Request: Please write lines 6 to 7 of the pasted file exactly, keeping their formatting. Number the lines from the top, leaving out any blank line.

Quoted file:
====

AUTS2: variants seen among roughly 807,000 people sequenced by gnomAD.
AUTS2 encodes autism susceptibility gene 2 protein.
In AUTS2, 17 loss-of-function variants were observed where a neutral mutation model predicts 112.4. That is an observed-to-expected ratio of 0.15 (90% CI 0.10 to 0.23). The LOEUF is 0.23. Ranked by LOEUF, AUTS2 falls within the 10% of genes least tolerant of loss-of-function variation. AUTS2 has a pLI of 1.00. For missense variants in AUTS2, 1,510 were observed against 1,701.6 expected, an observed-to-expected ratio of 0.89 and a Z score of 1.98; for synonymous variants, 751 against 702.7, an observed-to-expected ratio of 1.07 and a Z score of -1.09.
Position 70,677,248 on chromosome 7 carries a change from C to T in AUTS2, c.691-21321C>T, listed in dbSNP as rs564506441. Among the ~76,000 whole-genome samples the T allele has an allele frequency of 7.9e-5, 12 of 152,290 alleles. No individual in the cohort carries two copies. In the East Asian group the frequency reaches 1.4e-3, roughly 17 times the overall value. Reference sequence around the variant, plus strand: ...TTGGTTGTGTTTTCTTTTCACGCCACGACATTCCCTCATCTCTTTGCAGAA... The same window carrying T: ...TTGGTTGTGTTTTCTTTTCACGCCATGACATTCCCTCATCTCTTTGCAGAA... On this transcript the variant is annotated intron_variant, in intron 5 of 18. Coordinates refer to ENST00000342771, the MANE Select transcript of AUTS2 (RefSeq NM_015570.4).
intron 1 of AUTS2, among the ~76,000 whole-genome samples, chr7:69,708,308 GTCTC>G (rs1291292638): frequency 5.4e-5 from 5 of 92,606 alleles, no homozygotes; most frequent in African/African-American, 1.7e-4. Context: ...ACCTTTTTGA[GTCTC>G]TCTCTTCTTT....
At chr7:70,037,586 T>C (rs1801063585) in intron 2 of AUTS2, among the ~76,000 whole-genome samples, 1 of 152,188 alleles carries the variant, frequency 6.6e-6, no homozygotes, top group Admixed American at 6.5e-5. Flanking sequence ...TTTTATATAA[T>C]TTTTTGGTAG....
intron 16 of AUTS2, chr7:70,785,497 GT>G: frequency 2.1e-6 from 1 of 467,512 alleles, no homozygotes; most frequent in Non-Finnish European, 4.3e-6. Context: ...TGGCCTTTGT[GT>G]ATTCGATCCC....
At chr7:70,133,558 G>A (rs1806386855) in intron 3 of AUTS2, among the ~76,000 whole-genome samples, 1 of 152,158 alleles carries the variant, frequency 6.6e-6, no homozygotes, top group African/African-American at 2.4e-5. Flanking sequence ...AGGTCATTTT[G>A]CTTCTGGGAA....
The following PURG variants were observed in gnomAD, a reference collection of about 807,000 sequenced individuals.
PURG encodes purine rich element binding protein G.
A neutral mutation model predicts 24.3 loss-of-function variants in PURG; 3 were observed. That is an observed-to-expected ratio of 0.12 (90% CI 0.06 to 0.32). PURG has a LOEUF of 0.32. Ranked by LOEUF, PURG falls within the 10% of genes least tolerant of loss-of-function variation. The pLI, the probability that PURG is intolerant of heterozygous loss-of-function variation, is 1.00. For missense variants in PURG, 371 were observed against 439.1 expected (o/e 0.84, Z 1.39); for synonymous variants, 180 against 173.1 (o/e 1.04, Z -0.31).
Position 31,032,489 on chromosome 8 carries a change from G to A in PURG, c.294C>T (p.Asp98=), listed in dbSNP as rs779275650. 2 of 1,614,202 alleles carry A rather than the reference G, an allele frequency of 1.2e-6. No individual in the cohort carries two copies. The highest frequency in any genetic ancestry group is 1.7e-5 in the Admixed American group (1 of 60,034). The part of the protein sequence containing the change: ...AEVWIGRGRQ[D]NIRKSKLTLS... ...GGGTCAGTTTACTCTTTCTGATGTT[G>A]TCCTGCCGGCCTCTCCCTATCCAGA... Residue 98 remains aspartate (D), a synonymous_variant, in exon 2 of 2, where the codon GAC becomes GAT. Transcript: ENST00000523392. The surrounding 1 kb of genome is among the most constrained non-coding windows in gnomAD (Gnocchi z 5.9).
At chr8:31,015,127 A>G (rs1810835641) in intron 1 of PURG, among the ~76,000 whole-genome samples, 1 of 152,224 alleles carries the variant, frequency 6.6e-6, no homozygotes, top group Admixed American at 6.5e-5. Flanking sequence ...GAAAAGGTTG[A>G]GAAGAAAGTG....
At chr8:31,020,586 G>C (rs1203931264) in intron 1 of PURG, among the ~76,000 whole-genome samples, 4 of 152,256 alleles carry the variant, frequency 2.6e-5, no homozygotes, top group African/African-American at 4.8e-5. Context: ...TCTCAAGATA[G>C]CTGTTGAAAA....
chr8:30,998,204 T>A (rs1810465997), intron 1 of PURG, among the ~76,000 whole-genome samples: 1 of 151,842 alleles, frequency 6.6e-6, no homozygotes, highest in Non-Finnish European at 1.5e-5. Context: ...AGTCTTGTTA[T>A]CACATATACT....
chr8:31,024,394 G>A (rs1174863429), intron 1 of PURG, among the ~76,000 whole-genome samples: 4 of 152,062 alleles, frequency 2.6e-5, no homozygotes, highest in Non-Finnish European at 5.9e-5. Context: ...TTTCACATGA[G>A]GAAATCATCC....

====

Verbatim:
At chr7:70,037,586 T>C (rs1801063585) in intron 2 of AUTS2, among the ~76,000 whole-genome samples, 1 of 152,188 alleles carries the variant, frequency 6.6e-6, no homozygotes, top group Admixed American at 6.5e-5. Flanking sequence ...TTTTATATAA[T>C]TTTTTGGTAG....
intron 16 of AUTS2, chr7:70,785,497 GT>G: frequency 2.1e-6 from 1 of 467,512 alleles, no homozygotes; most frequent in Non-Finnish European, 4.3e-6. Context: ...TGGCCTTTGT[GT>G]ATTCGATCCC....